Peter Clark can build a robot from scratch and pick a lock in two minutes or less. But he can’t figure out why his mother left or why his grandma refuses to talk about her. When Uncle Dominick shows up on Peter’s twelfth birthday with a letter that hints at answers and an incredible story about dragons, Peter follows him, determined to find out the truth about his mother’s disappearance.

What he finds is a reality far different from what he ever could have imagined – where dragons live in hiding, hunted by poachers for their magical parts, and a small group of men and women work tirelessly to protect them. These are the Dragon Defenders. Peter’s uncle is one. So was his mother. Now it’s Peter’s turn.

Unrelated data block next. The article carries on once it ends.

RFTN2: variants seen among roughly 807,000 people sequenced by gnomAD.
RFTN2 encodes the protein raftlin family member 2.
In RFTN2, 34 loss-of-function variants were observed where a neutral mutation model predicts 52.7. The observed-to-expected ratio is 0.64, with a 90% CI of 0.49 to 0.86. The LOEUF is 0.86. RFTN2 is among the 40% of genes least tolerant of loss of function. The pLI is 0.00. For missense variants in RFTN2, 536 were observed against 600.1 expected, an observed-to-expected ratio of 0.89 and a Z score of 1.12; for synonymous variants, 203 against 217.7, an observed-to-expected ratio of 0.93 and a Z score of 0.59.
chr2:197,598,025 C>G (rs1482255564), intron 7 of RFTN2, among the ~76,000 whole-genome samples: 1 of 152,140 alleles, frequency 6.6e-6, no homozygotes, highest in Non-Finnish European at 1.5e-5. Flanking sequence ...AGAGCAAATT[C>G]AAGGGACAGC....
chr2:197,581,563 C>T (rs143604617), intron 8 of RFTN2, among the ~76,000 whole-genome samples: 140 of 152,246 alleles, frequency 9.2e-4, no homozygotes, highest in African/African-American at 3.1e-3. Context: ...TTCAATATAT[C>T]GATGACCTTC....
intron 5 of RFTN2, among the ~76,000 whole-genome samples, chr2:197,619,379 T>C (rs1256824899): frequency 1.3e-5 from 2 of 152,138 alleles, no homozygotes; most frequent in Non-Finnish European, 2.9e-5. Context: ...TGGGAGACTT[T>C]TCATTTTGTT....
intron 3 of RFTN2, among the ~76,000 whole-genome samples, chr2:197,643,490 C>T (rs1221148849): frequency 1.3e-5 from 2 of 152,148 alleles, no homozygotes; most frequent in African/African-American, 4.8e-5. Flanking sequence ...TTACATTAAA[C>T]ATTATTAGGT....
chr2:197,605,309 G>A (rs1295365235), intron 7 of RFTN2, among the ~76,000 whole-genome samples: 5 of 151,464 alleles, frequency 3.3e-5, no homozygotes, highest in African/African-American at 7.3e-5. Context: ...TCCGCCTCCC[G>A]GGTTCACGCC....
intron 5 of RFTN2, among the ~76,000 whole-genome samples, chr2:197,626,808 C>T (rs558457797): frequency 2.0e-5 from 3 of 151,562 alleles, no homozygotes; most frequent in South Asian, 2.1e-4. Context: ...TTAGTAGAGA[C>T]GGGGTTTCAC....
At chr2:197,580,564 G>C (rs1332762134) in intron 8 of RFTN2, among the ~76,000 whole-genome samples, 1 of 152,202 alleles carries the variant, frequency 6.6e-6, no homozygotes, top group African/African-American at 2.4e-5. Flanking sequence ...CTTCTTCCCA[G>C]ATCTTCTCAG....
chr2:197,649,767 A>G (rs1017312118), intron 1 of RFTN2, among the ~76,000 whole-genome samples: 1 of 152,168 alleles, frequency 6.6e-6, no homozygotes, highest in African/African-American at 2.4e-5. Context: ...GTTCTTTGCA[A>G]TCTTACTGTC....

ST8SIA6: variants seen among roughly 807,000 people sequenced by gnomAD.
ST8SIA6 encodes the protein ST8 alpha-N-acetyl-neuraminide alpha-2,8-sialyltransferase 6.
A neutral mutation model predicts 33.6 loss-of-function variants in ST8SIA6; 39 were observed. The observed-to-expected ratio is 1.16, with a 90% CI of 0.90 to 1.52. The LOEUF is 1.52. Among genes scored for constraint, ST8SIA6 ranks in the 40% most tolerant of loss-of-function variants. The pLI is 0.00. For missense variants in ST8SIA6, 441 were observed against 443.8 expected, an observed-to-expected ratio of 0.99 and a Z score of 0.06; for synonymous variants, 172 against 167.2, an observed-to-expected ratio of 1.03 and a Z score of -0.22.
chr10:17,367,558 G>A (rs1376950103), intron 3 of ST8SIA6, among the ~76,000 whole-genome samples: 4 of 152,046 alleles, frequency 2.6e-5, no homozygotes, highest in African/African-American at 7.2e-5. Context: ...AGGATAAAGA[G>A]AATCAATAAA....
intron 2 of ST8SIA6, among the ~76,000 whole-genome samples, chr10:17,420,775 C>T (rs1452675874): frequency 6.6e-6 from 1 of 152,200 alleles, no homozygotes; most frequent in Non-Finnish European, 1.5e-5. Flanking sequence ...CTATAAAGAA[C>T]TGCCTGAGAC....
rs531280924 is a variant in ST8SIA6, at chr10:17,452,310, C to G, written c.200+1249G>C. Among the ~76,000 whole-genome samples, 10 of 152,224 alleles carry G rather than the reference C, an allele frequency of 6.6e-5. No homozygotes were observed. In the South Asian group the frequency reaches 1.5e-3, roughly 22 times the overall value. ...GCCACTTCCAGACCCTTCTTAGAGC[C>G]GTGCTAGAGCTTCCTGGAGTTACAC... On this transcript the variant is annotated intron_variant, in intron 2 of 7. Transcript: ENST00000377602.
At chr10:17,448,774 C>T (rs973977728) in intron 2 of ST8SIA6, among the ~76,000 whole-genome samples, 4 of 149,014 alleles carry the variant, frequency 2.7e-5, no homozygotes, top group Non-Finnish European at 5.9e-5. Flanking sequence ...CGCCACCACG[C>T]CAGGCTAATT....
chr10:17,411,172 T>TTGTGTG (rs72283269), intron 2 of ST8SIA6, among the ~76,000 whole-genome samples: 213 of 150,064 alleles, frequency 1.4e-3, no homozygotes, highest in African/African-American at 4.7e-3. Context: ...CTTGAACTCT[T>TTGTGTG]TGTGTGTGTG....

* Finalist in the Pacific Northwest Writers Association 2013 Literary Contest *

My Review

Middle grade fiction is best when you start reading and before you know it a couple of hours have gone by and you’re surprised that the book is already over. And that’s basically what happened to me while I was reading this book. It starts off with a pretty cool concept: dragons are real and 12-year old Peter Clark is part of a long line of dragon defenders. This melding of a high fantasy concept with an otherwise realistic present-day world made for fun reading. Rather than spend a lot of time engaged in world building, the author is able to thrust her readers into the action pretty quickly.